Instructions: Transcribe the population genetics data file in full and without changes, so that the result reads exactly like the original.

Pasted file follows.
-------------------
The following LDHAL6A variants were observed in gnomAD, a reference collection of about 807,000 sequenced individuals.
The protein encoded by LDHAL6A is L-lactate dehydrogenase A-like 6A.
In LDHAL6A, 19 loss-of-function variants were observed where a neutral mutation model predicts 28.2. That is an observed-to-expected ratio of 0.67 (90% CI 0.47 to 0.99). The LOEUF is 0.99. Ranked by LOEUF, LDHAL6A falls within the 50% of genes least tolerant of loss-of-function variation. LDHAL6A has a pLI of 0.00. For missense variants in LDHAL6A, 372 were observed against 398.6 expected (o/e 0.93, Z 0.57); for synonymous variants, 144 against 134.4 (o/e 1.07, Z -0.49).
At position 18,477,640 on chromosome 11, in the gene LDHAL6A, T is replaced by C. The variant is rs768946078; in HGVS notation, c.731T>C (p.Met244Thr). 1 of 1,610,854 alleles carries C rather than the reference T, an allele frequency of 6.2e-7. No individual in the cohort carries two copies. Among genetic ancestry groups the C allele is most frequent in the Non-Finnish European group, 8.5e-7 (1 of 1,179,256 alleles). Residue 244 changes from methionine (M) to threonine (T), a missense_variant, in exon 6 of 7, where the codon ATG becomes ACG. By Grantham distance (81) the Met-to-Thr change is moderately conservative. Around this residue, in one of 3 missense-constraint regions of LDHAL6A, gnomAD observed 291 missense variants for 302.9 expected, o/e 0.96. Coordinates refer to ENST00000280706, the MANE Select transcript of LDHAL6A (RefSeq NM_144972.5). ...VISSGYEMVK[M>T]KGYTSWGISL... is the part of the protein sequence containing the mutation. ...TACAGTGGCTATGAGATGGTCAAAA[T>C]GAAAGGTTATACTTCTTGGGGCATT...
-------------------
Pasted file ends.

The following LDHAL6A variants were observed in gnomAD, a reference collection of about 807,000 sequenced individuals.
The protein encoded by LDHAL6A is L-lactate dehydrogenase A-like 6A.
In LDHAL6A, 19 loss-of-function variants were observed where a neutral mutation model predicts 28.2. That is an observed-to-expected ratio of 0.67 (90% CI 0.47 to 0.99). The LOEUF is 0.99. Ranked by LOEUF, LDHAL6A falls within the 50% of genes least tolerant of loss-of-function variation. LDHAL6A has a pLI of 0.00. For missense variants in LDHAL6A, 372 were observed against 398.6 expected (o/e 0.93, Z 0.57); for synonymous variants, 144 against 134.4 (o/e 1.07, Z -0.49).
At position 18,477,640 on chromosome 11, in the gene LDHAL6A, T is replaced by C. The variant is rs768946078; in HGVS notation, c.731T>C (p.Met244Thr). 1 of 1,610,854 alleles carries C rather than the reference T, an allele frequency of 6.2e-7. No individual in the cohort carries two copies. Among genetic ancestry groups the C allele is most frequent in the Non-Finnish European group, 8.5e-7 (1 of 1,179,256 alleles). Residue 244 changes from methionine (M) to threonine (T), a missense_variant, in exon 6 of 7, where the codon ATG becomes ACG. By Grantham distance (81) the Met-to-Thr change is moderately conservative. Around this residue, in one of 3 missense-constraint regions of LDHAL6A, gnomAD observed 291 missense variants for 302.9 expected, o/e 0.96. Coordinates refer to ENST00000280706, the MANE Select transcript of LDHAL6A (RefSeq NM_144972.5). ...VISSGYEMVK[M>T]KGYTSWGISL... is the part of the protein sequence containing the mutation. ...TACAGTGGCTATGAGATGGTCAAAA[T>C]GAAAGGTTATACTTCTTGGGGCATT...